Sandpaper is often wrapped round a block or clamped. Some is backed with hook and loop (like velcro) and less often with adhesive. Part-sheet sanders often require paper with specific fixing features, such as tabs.

Grit sizes

A number of different standards have been established for grit size. These standards establish not only the average grit size, but also the allowable variation from the average. The two most common are the United States CAMI (Coated Abrasive Manufacturers Institute, now part of the Unified Abrasives Manufacturers' Association) and the European FEPA (Federation of European Producers of Abrasives) "P" grade. The FEPA system is the same as the International Organization for Standardization|ISO]] ISO 6344 standard. Other systems used in sandpaper include the Japan Industrial Standards Committee (JIS), the micron grade (generally used for very fine grits). The "ought" system was used in the past in the United States. Cheap sandpapers are sometimes just marked Coarse, Medium and Fine.

Grit size table

The following table, compiled from the references at the bottom, compares the CAMI and "P" designations with the average grit size in micrometres (µm).

Grit size table
ISO/FEPA Grit designation CAMI Grit designation Average particle diameter (µm)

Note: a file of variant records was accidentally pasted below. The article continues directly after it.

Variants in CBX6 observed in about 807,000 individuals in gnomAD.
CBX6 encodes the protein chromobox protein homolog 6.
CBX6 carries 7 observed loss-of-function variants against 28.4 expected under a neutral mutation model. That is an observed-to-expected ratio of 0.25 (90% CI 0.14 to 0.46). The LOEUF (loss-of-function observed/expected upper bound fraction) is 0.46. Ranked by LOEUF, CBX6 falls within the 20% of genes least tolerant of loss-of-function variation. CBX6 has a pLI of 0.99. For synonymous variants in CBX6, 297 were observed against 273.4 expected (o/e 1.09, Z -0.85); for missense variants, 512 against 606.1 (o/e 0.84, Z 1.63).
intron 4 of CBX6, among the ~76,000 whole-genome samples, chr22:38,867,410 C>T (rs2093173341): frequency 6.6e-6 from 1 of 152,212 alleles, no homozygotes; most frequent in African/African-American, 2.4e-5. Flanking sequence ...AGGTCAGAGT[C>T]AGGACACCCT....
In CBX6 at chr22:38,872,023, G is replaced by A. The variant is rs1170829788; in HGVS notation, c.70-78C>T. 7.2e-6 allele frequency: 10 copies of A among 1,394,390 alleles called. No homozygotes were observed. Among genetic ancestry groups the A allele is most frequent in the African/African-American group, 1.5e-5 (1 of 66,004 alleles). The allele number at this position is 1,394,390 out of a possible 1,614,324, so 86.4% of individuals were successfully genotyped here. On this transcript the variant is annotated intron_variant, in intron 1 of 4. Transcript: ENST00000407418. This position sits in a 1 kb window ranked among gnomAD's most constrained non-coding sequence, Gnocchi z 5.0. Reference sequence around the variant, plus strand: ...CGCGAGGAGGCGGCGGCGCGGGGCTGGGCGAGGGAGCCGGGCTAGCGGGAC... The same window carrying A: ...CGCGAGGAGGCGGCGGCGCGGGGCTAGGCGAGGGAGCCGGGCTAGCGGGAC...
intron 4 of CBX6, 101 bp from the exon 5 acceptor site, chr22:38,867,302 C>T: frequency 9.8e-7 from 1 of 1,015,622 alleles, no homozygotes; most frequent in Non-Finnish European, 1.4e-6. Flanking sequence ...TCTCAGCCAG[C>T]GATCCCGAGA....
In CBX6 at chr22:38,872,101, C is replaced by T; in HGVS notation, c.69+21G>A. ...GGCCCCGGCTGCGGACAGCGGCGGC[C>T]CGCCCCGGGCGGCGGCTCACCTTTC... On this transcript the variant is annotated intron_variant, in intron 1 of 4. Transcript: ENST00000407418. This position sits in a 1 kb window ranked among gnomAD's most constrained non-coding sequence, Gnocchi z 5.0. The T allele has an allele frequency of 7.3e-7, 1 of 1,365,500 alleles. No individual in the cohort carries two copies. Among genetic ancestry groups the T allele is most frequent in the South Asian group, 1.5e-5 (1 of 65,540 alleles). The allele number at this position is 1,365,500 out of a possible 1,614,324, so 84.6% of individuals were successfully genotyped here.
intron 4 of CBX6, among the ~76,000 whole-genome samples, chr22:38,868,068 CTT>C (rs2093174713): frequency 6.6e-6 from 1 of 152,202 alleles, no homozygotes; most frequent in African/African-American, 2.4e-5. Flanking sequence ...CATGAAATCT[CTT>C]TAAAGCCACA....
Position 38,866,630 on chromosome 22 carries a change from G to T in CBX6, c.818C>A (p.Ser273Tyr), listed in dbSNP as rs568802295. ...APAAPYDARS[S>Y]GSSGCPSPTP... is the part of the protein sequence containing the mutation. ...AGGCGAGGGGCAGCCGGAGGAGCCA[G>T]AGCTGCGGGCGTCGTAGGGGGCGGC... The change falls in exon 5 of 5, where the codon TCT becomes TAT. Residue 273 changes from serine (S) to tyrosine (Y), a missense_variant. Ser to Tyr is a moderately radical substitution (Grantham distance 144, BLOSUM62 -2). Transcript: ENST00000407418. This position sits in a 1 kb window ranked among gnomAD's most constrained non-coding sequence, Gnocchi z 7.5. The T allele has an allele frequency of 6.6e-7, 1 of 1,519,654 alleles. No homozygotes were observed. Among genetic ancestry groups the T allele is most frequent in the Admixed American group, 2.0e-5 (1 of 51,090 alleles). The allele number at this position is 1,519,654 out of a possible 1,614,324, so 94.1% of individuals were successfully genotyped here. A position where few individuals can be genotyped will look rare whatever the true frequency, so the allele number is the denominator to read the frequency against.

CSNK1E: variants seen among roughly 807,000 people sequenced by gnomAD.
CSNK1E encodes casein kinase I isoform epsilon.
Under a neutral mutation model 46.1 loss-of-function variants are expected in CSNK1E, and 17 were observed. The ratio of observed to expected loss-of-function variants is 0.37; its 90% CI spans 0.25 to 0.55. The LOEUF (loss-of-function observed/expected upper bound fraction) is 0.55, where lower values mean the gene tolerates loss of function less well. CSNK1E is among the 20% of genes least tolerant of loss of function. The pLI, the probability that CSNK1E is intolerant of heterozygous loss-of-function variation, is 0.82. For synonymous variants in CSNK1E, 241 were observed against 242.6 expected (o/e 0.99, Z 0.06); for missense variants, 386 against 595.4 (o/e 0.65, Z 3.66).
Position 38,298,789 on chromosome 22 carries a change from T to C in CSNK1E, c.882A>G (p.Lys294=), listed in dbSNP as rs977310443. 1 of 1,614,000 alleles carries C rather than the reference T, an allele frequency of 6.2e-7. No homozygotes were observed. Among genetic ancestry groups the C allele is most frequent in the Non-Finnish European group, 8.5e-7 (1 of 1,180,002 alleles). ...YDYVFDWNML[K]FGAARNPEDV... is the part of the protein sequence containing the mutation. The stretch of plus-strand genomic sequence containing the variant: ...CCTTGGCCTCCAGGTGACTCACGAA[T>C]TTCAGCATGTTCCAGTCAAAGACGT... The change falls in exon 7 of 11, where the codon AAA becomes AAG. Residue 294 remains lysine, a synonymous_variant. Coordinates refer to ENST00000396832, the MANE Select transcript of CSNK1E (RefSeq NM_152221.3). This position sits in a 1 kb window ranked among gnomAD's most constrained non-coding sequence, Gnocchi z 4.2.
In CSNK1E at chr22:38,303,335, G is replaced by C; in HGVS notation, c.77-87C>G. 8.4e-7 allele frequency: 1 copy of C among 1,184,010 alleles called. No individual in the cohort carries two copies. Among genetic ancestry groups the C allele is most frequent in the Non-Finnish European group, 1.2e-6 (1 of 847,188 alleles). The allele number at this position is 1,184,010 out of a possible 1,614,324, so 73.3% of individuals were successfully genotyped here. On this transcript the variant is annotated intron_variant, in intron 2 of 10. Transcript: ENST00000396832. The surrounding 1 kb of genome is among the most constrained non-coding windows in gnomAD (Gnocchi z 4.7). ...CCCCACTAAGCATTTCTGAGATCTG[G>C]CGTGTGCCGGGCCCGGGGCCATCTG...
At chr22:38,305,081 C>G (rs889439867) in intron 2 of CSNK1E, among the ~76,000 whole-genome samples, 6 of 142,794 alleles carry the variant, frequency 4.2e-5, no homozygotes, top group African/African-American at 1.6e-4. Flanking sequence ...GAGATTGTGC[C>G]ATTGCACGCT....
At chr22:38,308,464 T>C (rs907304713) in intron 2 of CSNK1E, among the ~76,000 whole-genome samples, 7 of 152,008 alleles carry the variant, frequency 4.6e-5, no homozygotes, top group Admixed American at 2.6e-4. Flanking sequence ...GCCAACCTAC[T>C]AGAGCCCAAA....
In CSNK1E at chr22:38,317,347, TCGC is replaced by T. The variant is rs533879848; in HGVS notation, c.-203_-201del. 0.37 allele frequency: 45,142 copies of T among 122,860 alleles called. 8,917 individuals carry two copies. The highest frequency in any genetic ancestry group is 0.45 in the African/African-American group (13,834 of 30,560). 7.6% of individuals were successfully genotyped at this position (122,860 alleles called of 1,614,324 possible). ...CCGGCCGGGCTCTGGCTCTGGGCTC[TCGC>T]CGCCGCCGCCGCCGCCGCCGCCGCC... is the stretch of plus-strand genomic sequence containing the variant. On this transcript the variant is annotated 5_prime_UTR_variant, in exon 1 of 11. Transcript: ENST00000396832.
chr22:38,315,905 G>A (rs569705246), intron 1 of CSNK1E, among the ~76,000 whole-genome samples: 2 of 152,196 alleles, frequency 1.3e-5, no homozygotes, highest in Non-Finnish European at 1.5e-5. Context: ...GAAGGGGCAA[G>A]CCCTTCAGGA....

Extra Coarse (Very fast removal of material, hardwood flooring initial sanding) P12   1815
P16   1324
P20   1000
P24   764
  24 708
P30   642
  30 632
  36 530
P36   538
Coarse (Rapid removal of material) P40 40 425
  50 348
P50   336
Medium (sanding bare wood in preparation for finishing, for gentle removal of varnish)   60 265
P60   269
P80   201
  80 190
Fine (sanding bare wood in preparation for finishing, not suitable for removing varnish or paint from wood, use for cleaning plaster and water stain from wood) P100   162
  100 140
P120   125
  120 115
Very Fine (sanding of bare wood) P150   100
  150 92
P180 180 82
P220 220 68
Very Fine (sanding finishes between coats) P240   58.5
  240 53.0
P280   52.2
P320   46.2
P360   40.5
Extra fine, start polishing of wood   320 36.0
P400   35.0
P500   30.2
  360 28.0
P600   25.8
Super fine (final sanding of finishes, final sanding of wood)   400 23.0
P800   21.8
  500 20.0
P1000   18.3
  600 16.0
P1200   15.3
Ultra fine (final sanding and polishing of thick finishes) P1500 800 12.6
P2000 1000 10.3
P2500   8.4




See also